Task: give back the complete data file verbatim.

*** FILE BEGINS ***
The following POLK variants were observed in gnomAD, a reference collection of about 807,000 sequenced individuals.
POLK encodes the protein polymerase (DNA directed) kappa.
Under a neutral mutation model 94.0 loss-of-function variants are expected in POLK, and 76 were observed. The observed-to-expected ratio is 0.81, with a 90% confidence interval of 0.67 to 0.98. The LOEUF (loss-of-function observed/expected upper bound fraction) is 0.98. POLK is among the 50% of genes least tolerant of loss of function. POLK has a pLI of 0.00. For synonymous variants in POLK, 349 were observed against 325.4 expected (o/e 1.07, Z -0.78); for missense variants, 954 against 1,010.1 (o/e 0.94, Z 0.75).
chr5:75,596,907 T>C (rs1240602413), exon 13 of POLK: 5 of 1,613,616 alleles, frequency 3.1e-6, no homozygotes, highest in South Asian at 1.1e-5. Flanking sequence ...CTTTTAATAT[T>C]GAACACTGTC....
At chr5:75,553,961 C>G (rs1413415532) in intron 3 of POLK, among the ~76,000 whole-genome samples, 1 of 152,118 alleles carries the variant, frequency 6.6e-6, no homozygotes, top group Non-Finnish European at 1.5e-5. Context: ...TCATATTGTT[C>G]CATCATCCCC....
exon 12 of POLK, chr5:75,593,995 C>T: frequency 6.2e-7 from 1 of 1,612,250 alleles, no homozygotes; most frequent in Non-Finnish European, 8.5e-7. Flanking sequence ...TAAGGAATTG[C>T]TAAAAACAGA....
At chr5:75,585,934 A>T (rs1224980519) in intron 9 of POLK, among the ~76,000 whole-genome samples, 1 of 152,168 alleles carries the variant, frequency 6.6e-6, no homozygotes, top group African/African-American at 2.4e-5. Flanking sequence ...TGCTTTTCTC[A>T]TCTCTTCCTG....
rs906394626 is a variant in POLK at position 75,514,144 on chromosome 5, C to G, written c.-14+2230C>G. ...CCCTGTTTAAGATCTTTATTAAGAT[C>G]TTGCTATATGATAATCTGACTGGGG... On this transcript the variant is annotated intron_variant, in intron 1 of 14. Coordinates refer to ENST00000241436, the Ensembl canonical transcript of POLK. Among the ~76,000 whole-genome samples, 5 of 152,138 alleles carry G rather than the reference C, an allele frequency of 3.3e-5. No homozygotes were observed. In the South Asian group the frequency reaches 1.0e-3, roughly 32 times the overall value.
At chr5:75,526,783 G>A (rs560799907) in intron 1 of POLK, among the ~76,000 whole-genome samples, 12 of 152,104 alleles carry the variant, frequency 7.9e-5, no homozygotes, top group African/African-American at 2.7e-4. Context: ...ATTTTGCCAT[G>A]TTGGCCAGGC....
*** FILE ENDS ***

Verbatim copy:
The following POLK variants were observed in gnomAD, a reference collection of about 807,000 sequenced individuals.
POLK encodes the protein polymerase (DNA directed) kappa.
Under a neutral mutation model 94.0 loss-of-function variants are expected in POLK, and 76 were observed. The observed-to-expected ratio is 0.81, with a 90% confidence interval of 0.67 to 0.98. The LOEUF (loss-of-function observed/expected upper bound fraction) is 0.98. POLK is among the 50% of genes least tolerant of loss of function. POLK has a pLI of 0.00. For synonymous variants in POLK, 349 were observed against 325.4 expected (o/e 1.07, Z -0.78); for missense variants, 954 against 1,010.1 (o/e 0.94, Z 0.75).
chr5:75,596,907 T>C (rs1240602413), exon 13 of POLK: 5 of 1,613,616 alleles, frequency 3.1e-6, no homozygotes, highest in South Asian at 1.1e-5. Flanking sequence ...CTTTTAATAT[T>C]GAACACTGTC....
At chr5:75,553,961 C>G (rs1413415532) in intron 3 of POLK, among the ~76,000 whole-genome samples, 1 of 152,118 alleles carries the variant, frequency 6.6e-6, no homozygotes, top group Non-Finnish European at 1.5e-5. Context: ...TCATATTGTT[C>G]CATCATCCCC....
exon 12 of POLK, chr5:75,593,995 C>T: frequency 6.2e-7 from 1 of 1,612,250 alleles, no homozygotes; most frequent in Non-Finnish European, 8.5e-7. Flanking sequence ...TAAGGAATTG[C>T]TAAAAACAGA....
At chr5:75,585,934 A>T (rs1224980519) in intron 9 of POLK, among the ~76,000 whole-genome samples, 1 of 152,168 alleles carries the variant, frequency 6.6e-6, no homozygotes, top group African/African-American at 2.4e-5. Flanking sequence ...TGCTTTTCTC[A>T]TCTCTTCCTG....
rs906394626 is a variant in POLK at position 75,514,144 on chromosome 5, C to G, written c.-14+2230C>G. ...CCCTGTTTAAGATCTTTATTAAGAT[C>G]TTGCTATATGATAATCTGACTGGGG... On this transcript the variant is annotated intron_variant, in intron 1 of 14. Coordinates refer to ENST00000241436, the Ensembl canonical transcript of POLK. Among the ~76,000 whole-genome samples, 5 of 152,138 alleles carry G rather than the reference C, an allele frequency of 3.3e-5. No homozygotes were observed. In the South Asian group the frequency reaches 1.0e-3, roughly 32 times the overall value.
At chr5:75,526,783 G>A (rs560799907) in intron 1 of POLK, among the ~76,000 whole-genome samples, 12 of 152,104 alleles carry the variant, frequency 7.9e-5, no homozygotes, top group African/African-American at 2.7e-4. Context: ...ATTTTGCCAT[G>A]TTGGCCAGGC....